Advice That Sticks
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Advice That Sticks

How to give financial advice that people will follow

Moira Somers

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  1. 224 pages
  2. English
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eBook - ePub

Advice That Sticks

How to give financial advice that people will follow

Moira Somers

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About This Book

The advice is sound; the client seems eager; and then… nothing happens! Too often, this is the experience that financial professionals encounter in their daily work. When good recommendations go unimplemented, clients' well-being is compromised, opportunities are lost, and the professional relationship grows strained.
Advice that Sticks takes aim at the problem of financial non-adherence. Written by a neuropsychologist and financial change expert, this book examines the five main factors that determine whether a client will follow through with financial advice. Individual client psychology plays a role in non-adherence; so, too, do sociocultural and environmental factors, general advice characteristics, and specific challenges pertaining to the emotionally loaded domain of money. Perhaps most surprising, however, is the extent to which advice-givers themselves can foil implementation. A great deal of non-adherence is due to preventable mistakes made by financial professionals and their teams.
The author integrates her extensive clinical and consulting experience with research findings from the fields of positive psychology, behavioural economics, neuroscience, and medicine. What emerges is a thoughtful, funny, but above all practical guide for anyone who makes a living providing financial advice. It will become an indispensable handbook for people working with clients across the wealth spectrum.

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Year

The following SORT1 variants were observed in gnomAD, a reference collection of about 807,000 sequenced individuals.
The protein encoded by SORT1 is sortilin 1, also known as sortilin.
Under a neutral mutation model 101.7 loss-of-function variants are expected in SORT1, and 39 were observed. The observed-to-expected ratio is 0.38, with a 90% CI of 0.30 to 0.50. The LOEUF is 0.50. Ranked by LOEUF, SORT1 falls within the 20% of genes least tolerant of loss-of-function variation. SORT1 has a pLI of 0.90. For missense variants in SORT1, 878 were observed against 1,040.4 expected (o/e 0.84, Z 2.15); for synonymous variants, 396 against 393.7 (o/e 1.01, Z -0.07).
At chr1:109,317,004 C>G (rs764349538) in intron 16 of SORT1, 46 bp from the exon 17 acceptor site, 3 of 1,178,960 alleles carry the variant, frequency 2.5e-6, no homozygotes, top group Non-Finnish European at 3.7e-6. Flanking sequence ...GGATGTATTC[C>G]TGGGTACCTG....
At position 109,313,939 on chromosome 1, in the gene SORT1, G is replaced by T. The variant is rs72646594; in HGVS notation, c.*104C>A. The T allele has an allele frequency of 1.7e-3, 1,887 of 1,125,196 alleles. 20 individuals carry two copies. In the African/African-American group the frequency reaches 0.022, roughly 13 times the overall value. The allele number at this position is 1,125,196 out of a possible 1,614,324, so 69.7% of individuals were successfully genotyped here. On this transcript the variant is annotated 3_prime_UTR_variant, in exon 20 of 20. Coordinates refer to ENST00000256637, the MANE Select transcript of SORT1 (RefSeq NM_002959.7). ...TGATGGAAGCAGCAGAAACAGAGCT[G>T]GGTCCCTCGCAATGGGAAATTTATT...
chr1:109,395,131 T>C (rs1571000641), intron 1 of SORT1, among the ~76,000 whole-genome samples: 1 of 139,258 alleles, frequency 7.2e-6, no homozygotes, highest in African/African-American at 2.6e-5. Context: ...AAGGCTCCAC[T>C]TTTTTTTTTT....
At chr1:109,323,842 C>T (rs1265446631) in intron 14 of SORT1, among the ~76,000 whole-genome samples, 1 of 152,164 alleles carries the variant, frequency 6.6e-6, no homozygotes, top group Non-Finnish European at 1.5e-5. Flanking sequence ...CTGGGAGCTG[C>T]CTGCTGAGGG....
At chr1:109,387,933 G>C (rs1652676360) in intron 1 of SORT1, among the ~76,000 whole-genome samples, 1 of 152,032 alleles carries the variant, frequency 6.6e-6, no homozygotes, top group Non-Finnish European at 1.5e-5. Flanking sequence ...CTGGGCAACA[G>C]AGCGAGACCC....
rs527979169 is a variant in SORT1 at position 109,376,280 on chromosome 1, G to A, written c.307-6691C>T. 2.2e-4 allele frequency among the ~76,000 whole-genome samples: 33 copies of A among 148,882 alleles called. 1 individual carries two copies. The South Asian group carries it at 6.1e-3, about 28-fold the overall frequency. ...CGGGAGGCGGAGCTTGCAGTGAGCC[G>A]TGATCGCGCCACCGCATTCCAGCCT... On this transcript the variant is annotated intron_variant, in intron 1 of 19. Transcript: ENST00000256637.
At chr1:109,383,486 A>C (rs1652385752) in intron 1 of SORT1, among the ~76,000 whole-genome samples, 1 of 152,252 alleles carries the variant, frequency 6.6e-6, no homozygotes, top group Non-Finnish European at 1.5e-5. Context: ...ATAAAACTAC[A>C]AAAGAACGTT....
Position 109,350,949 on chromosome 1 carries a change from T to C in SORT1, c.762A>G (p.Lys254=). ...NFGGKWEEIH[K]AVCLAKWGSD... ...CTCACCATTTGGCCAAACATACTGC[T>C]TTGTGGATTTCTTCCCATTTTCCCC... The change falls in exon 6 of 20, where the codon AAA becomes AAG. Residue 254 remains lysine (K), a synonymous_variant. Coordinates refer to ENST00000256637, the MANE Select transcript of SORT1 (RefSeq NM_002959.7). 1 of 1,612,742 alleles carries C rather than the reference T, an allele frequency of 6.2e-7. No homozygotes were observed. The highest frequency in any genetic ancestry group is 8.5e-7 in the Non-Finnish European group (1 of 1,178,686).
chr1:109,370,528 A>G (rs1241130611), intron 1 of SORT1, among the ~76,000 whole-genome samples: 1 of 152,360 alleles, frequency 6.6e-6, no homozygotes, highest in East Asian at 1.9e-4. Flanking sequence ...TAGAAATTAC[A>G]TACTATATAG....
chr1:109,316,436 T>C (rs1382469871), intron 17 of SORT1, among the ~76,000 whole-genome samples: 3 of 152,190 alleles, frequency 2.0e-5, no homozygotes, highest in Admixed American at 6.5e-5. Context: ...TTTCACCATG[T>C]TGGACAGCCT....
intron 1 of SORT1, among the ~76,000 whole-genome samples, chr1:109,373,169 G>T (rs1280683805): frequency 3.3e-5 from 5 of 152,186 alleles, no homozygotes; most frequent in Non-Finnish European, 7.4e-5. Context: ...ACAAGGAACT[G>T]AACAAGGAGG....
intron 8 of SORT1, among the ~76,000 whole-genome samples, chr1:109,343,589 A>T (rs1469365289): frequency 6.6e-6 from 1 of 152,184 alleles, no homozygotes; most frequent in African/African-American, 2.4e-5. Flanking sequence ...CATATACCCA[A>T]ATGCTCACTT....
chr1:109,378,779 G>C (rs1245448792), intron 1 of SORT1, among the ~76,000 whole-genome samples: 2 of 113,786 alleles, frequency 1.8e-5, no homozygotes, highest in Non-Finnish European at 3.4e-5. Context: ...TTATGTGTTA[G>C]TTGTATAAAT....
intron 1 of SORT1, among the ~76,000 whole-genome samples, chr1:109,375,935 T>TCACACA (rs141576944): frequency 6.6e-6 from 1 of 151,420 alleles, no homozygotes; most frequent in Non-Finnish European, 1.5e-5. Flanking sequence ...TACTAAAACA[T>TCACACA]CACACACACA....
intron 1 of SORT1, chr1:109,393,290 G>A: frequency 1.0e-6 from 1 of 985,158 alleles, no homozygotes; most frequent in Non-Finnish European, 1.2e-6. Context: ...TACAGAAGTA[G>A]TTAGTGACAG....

2018
ISBN
9781788600217
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The Value of Advice That Sticks
It’s shocking, really
Every day in my work as a financial psychologist, I am reminded of Van de Graaff static-electricity generators, those basketball-sized metal globes that are a regular fixture in physics labs and science museums. Reach out your hand and touch them, and your hair rises up in a sphere all around your head. I have found that money, for most people, acts in a similar way. It carries an incredible emotional charge.
What else would explain the weird things that financial professionals encounter in their line of work? There’s the gazillionaire business owner, howling with outrage over an $8 courier charge for the last-minute documents she demanded from her accountant. There’s the dumbfounded overspender, staring at the bankruptcy application the credit counsellor warned he’d be facing if he didn’t rein in his spending. There’s the fighting couple, arguing about whose idea it was to hide their income from the government, and looking to their financial planner to both referee and rescue them from the consequences.
Just as you can only see the results of electricity (and not electricity itself), so it is that you can only see the results of people’s emotions and beliefs around money. It shows up in their spending habits, job choices, and relationships. It shows up in their investment decisions and in their charitable giving. It shows up in the tone and the content of the conversations they have with you and other people in their life when money gets discussed. One of the challenges you face as a financial advisor is how to work with the financial equivalent of live electrical wires. How do you do your work without getting ‘zapped’ by those hidden emotional charges that can thwart the best of advice?
You are uniquely positioned to be the ground wire for clients with emotionally charged financial histories. Doing so requires a firm commitment to not add to the problem through shaming, blaming, or firing them unnecessarily. You are more likely to succeed at this if you have examined the people and events that have influenced your own financial values and beliefs over your lifetime. You also need to ensure that you’re not a financial ‘live wire’, yourself!
Good advice that’s hard to take
As a species, humans can be an ornery lot. When faced with complex decisions, we want advice about what is the right thing to do, and generally we want to do it. Except, of course, for those times when we’d rather do something else. Something easier. Something more understandable. Something more fun. Regrettably, something else seems to crop up with surprising frequency when it comes to money.